The Philippine-American War/ America’s Acquisition of the Philippines (1899-1902)



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The Philippine-American War/ America’s Acquisition of the Philippines (1899-1902)

Overview of America’s Acquisition of the Philippines (Office of the Historian)

Guided Questions

After its defeat in the Spanish-American War of 1898, Spain ceded its longstanding colony of the Philippines to the United States in the Treaty of Paris. On February 4, 1899, just two days before the U.S. Senate ratified the treaty, fighting broke out between American forces and Filipino nationalists led by Emilio Aguinaldo who sought independence rather than a change in colonial rulers. The ensuing Philippine-American War lasted three years and resulted in the death of over 4,200 American and over 20,000 Filipino combatants. As many as 200,000 Filipino civilians died from violence, famine, and disease.

The decision by U.S. policymakers to annex the Philippines was not without domestic controversy. Americans who advocated annexation evinced a variety of motivations: desire for commercial opportunities in Asia, concern that the Filipinos were incapable of self-rule, and fear that if the United States did not take control of the islands, another power (such as Germany or Japan) might do so. Meanwhile, American opposition to U.S. colonial rule of the Philippines came in many forms, ranging from those who thought it morally wrong for the United States to be engaged in colonialism, to those who feared that annexation might eventually permit the non-white Filipinos to have a role in American national government. Others were wholly unconcerned about the moral or racial implications of imperialism and sought only to oppose the policies of President William McKinley’s administration.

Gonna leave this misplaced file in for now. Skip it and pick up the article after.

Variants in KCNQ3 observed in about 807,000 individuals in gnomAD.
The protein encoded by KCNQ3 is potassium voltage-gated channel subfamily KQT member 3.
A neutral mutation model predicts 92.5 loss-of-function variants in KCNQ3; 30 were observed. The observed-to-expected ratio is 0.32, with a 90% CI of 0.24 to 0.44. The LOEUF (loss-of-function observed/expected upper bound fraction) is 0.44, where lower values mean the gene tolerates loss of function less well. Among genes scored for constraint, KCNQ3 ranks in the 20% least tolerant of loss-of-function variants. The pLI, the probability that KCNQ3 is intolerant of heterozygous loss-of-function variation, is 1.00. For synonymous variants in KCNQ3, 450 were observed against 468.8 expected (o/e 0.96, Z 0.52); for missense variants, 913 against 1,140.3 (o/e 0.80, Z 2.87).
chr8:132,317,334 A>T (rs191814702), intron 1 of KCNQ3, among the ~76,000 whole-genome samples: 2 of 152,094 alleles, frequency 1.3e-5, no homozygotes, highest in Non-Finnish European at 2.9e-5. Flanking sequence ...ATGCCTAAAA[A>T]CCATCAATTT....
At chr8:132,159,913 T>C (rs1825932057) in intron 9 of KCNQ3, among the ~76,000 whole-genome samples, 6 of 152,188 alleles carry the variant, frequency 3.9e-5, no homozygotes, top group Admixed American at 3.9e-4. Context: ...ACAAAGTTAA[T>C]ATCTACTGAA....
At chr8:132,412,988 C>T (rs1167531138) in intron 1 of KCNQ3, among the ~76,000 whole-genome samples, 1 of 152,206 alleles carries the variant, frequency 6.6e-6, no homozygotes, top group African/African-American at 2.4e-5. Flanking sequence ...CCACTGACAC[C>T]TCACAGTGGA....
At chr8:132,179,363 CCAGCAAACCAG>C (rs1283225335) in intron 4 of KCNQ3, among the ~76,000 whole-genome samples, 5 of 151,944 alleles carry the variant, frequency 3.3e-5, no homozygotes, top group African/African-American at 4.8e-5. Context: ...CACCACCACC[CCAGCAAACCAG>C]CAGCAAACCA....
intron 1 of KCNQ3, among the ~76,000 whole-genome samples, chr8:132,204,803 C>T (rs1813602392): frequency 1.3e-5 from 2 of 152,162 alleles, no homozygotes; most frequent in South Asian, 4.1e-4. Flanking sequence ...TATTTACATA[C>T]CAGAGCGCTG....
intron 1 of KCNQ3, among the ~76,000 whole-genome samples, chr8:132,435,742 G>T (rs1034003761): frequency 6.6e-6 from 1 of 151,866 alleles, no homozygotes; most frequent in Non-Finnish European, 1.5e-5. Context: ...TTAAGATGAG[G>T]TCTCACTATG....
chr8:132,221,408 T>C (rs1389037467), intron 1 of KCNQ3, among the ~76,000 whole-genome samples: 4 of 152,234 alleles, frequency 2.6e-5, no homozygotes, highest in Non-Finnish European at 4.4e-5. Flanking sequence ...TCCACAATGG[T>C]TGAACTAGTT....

After the Spanish-American War, while the American public and politicians debated the annexation question, Filipino revolutionaries under Aguinaldo seized control of most of the Philippines’ main island of Luzon and proclaimed the establishment of the independent Philippine Republic. When it became clear that U.S. forces were intent on imposing American colonial control over the islands, the early clashes between the two sides in 1899 swelled into an all-out war. Americans tended to refer to the ensuing conflict as an “insurrection” rather than acknowledge the Filipinos’ contention that they were fighting to ward off a foreign invader.

The United States entered the conflict with undeniable military advantages that included a trained fighting force, a steady supply of military equipment, and control of the archipelago’s waterways. Meanwhile, the Filipino forces were hampered by their inability to gain any kind of outside support for their cause, chronic shortages of weapons and ammunition, and complications produced by the Philippines’ geographic complexity. Under these conditions, Aguinaldo’s attempt to fight a conventional war in the first few months of the conflict proved to be a fatal mistake; the Filipino army suffered severe losses in men and material before switching to the guerrilla tactics that might have been more effective if employed from the beginning of the conflict.